Exhibit 1, in no particular order, is the following result, by Hara, Tani and Yamamoto:

Unknotting is in AM ∩ co-AM

Unknotting is one of the more fundamental problems in knot theory. If we think of a (tame) knot as a (really tangled) loop in three dimensions, then much of simple knot theory focuses on the question: Given two knots, are they equivalent ? (where equivalence is expressed in terms of homeomorphisms).

The trivial knot (or the "unknot") is the simple circle in 3D, and thus the unknotting problem is:

UNKNOTTING: Given a knot, is it equivalent to the unknot ?

It was first shown in 1961 by Haken that Unknotting was decidable. After a brief gap of 36 years, Haas, Lagarias and Pippenger showed that Unknotting was in fact in NP (!), and conjectured that it was in NP ∩ co-NP. Other results along the way showed that Genus (is the genus of a knot less than g) was in PSPACE, and ManifoldGenus (a generalization to a given arbitrary manifold), was NP-Complete.

The new result speaks for itself. Formally, the authors show that Knotting (the complement of Unknotting) is in AM, by presenting a two-round interactive protocol for it. They also mention a corollary that if Unknotting is NP-Complete, then PH collapses to the second level. If I had paid better attention in my complexity class I would have figured out how this follows, but alas... I'd be grateful for any enlightenment. (Update: here it is)

The tragedy for me is that although it is clear that this result is interesting, the proof itself is rather impenetrable, requiring a knowledge of combinatorial topology above and beyond what I can muster up. This is why translators are needed ! (Update: here it is)

Knot theory is a good example of a (relatively arcane) subfield of mathematics that has suddenly become profoundly important in "real life". For more on this, read what well-known theoretical computer scientist John Baez has to say :).

On a more frivolous note, you can do knot art ! Calling our resident mathematical knot knitter...

Translation time!

Jeff Erickson

ReplyDeleteThe paper relies on a construction (due to Haken?) of a triangulated 3-dimensional manifold M(K) from a given knot K, such that M(K) is homeomorphic to the 3-sphere if and only if K is unknotted. Specifically, M(K) consists of two copies of S^3-T(K), glued along their boundaries (which are toruses), where T(K) is a tubular neighborhood of the knot K.

So one algorithm for deciding whether a knot K is trivial is to construct M(K) and check whether M(K) is the 3-sphere. The 3-sphere recognition problem is in NP (http://front.math.ucdavis.edu/math.GT/0407047). Haas et al. used a slightly different technique to prove that UNKOTTING is in NP, but both NP-proofs rely on something called "normal surface theory" introduced by Haken in the early 1960s to boil everything down to integer programming(!).

Hara, Tani, and Yamamoto describe an interactive proof protocol for UNKNOTTING based on this characterization, and similar to an interactive protocol for graph isomorphism. The prover is trying to convince the verifier that her knot is nontrivial. The verifier constructs two triangulated 3-manifolds—the manifold M(K) described above, and a particular triangulation S(K) of the 3-sphere. After randomly permuting the vertex labels, the verifier presents the prover with a one of the two triangulations, chosen uniformly at random, without telling the prover which it is. The prover then (supposedly) tells the verifier whether his given manifold is the 3-sphere.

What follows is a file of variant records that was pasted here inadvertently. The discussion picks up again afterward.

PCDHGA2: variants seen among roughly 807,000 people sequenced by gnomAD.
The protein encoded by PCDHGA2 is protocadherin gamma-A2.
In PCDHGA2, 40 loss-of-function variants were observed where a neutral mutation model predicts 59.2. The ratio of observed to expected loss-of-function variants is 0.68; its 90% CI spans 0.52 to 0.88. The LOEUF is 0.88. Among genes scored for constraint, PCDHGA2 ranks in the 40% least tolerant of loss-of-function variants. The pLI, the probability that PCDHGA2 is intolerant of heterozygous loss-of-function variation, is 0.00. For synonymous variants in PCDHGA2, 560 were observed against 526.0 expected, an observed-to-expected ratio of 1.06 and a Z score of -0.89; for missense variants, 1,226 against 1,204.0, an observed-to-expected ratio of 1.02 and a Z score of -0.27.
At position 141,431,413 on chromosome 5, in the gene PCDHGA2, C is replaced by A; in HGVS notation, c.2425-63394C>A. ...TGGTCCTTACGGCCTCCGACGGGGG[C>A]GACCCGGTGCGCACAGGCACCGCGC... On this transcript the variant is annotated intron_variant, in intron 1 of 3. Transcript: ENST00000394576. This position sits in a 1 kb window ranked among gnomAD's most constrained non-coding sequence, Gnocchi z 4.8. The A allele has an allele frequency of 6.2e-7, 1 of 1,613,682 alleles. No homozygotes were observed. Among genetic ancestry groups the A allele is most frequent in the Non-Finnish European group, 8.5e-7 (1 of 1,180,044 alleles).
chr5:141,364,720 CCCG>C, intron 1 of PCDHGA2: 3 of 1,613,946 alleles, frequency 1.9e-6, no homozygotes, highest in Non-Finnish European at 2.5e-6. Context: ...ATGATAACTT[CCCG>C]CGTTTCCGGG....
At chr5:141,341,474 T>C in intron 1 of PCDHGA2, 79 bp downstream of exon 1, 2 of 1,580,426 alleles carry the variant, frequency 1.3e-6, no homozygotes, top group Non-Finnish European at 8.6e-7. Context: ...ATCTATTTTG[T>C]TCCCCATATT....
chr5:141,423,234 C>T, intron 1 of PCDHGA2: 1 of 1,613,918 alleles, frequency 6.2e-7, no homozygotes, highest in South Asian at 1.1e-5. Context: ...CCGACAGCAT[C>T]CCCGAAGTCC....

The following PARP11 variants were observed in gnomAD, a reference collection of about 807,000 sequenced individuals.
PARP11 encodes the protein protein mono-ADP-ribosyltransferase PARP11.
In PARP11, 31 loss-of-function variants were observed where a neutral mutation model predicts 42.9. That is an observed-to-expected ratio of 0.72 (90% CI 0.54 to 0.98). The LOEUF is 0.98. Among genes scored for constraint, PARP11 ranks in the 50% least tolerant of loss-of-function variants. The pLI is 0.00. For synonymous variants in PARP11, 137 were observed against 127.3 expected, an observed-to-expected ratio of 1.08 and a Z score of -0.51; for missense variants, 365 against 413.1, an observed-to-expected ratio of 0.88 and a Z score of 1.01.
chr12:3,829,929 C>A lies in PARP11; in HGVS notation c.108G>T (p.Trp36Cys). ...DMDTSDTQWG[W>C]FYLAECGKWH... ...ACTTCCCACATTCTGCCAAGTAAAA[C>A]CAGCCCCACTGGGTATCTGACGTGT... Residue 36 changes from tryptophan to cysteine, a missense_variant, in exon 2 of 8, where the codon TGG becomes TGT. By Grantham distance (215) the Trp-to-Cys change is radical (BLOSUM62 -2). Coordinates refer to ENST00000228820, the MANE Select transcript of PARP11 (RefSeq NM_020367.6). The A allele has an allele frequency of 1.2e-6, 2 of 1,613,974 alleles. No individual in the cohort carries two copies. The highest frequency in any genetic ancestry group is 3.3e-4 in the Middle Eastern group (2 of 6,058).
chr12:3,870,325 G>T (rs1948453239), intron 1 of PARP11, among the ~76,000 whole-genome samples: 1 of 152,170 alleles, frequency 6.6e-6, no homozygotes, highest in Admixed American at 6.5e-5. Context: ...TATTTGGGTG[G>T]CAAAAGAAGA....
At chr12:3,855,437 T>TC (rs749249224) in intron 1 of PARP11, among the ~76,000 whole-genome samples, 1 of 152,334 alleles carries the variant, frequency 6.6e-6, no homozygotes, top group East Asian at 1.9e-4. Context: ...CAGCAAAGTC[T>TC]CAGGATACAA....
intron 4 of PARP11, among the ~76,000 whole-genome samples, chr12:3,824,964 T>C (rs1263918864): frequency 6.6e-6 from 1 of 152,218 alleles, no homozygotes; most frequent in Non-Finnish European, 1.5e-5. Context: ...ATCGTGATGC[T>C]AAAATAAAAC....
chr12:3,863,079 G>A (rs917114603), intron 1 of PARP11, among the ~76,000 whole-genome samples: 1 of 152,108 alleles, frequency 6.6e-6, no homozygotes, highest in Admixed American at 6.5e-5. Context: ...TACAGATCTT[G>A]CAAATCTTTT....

(1) If the prover says that S(K) is the 3-sphere, the verifier learns nothing.

(2) If the prover says that S(K) is NOT the 3-sphere, the verifier knows he's lying and assumes the knot is trivial.

(3) If the prover says that M(K) is the 3-sphere, the verifier assumes the knot is trivial.

(4) if the prover says that M(K) is NOT the 3-sphere, the verifier assumes the knot is nontrivial.

If the knot is trivial, then no prover can convince this verifier with probablity better than 1/2. If the knot is nontrivial, an honest prover can convince this verifier with probability 1/2. Running this protocol twice inflates the probabilities to 1/4 and 3/4.

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I'm curious why you guys care about this proof. Is it just because you like knots and complexity or is it because some allege that it's tied to string theory (see Not Even Wrong for an opinion that string theory is probably nonsense).

Anonymous

ReplyDeletePosted by

It's (ahem) "just" because we like knots and complexity. These are fundamental mathematical questions, much more important than this so-called "reality" that physicists keep arguing about. String theory is about as relevant to our interest as thunderstorms or dancing bears.

Jeff Erickson

ReplyDeletePosted by

Well said, Jeff. I actually have a post lined up that talks about this, liberally referencing a stunning lecture given by Timothy Gowers a few years ago on the importance of math (where he mentions knot theory, btw).

Suresh

ReplyDeleteIn short, mathematicians like math for various reasons, but very few of these reasons have to do with so-called "practical impact". I would not object if some of my work has some practical relevance, but that is not necessarily my goal in pursuing it (and i'm not even a mathematician !)

"Thunderstorms or dancing bears". There's a nice ring to that :)

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ReplyDeleteSuresh, I don't think I've yet knitted a knot; I have baked knotted bagels (trefoil) and knotted challa (figure-8). However, a measure 1 subset of the knot theory done in my household is done by someone else.

Rudbeckia Hirta

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